I could go on, but I won't. I have now realised that the only way to visit some of these places is to invest serious chunks of time - weeks if not months - in other words, not when you have a regular job. And you need a shedload of cash too - not just for transport and accommodation, but for vital equipment for survival! Here is a map showing many of these inaccessible places I've learnt about (click a feature for more info):

View Inaccessible Places in a larger map

So, just how empty is Canada?

As you can see this is something I've been thinking about a lot. But my curious mind then started wondering.. how empty is Canada? I had lots of fun playing with the population density table on Wikipedia, which you can sort in different ways; it turns out Canada has on average 3 people per square kilometre, compared to 31 in the US or 246 in the UK. Of 238 countries in the world, it ranks 231st lowest for population density, beaten only by the likes of Australia, the Sahara and Mongolia.

There's an oft-quoted statistic about how three-quarters of the population of Canada live within 90 miles of the US border. But I wanted to know more - which parts of Canada are uninhabited? Apparently this is quite a difficult question to answer, but eventually I came across a study by Statistics Canada that, in exploring different methods and representations, came up with a rather excellent depiction of "The Population Ecumene of Canada". Ecumene is a word of Greek origin referring to the "inhabited earth". Here is their map:

(click for a larger version or here to see the original in context)

In this map, the green parts are the main inhabited areas, the red spots are small pockets of civilization outside the main parts, and the white and grey parts are completely uninhabited.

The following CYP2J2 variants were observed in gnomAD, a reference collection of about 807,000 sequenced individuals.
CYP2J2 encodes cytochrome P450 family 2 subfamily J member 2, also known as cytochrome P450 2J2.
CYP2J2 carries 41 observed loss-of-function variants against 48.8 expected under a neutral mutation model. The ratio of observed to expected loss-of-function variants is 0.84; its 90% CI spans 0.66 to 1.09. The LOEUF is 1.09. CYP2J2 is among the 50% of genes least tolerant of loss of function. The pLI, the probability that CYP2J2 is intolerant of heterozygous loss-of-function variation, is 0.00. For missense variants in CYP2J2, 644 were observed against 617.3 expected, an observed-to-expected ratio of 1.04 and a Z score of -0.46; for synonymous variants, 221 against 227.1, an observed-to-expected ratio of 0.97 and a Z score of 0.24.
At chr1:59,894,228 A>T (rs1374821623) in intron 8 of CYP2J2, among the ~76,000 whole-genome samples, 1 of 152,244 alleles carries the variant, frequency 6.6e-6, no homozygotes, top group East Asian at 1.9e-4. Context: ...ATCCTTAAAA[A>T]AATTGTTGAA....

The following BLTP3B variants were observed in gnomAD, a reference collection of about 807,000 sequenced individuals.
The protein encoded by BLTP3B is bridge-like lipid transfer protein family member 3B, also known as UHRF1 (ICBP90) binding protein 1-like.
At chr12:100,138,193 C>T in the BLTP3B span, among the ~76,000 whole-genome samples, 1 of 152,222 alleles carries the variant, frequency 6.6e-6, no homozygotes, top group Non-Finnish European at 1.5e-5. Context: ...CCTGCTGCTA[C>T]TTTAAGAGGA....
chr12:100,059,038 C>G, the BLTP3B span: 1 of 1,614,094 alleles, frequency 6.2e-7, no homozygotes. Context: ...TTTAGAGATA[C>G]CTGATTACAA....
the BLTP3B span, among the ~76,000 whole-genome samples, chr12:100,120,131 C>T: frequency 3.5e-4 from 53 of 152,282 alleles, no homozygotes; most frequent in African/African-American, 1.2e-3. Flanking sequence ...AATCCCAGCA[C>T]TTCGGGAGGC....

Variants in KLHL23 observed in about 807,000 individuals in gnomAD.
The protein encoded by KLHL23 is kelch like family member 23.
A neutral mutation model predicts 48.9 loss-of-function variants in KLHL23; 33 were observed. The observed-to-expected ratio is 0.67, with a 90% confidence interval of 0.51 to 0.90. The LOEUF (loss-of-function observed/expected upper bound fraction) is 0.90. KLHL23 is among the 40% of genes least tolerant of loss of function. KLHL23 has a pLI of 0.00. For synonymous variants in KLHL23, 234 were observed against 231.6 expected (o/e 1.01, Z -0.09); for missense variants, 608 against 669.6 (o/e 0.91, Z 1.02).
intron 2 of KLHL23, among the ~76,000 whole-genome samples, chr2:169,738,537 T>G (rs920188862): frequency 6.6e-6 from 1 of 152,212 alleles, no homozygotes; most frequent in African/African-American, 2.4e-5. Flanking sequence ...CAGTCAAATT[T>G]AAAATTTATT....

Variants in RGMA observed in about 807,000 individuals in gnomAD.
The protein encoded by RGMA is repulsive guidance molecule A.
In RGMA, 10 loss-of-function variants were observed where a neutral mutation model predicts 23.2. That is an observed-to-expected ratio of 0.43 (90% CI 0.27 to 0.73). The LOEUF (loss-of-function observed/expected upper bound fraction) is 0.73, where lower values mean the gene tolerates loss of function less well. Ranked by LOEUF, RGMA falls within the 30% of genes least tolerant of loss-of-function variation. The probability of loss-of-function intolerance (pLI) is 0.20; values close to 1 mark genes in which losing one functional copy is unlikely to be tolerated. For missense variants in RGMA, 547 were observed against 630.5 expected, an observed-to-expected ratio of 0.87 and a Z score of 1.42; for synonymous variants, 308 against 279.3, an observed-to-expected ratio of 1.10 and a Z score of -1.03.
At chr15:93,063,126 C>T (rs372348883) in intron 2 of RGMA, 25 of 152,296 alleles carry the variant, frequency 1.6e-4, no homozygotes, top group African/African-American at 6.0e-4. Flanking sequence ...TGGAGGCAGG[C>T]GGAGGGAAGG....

I find this absolutely breathtaking. Huge extents of Canada are totally devoid of civilization. Most Canadian provinces have only a handful of settlements and the rest is totally undeveloped. What I find particularly interesting is that unlike Australia or the Sahara, there is still a lot of Canada that could be inhabited - just that it would cost a great deal to develop the necessary infrastructure to support it. A large part of Canada is made up of the Canadian Shield, which is covered by lakes, forests and is high in mineral deposits. Winters are tough but except for the far North, no worse than other inhabited parts of Canada. I think that perhaps the reason these places have not developed, is not anything about the land itself, just a lack of proximity to the existing civilized world, making supplies and trade difficult.

It's strange really. I guess that colonization of uninhabited land and creating new settlements isn't really viable in today's economic climate. I suppose this is what the rest of the world was like before we built our cities and transport networks. And I wonder if some time in the future, greater parts of Canada will become inhabited and enjoyed by ordinary folks, or whether it will always be mostly an unspoilt wilderness that only the intrepid can visit.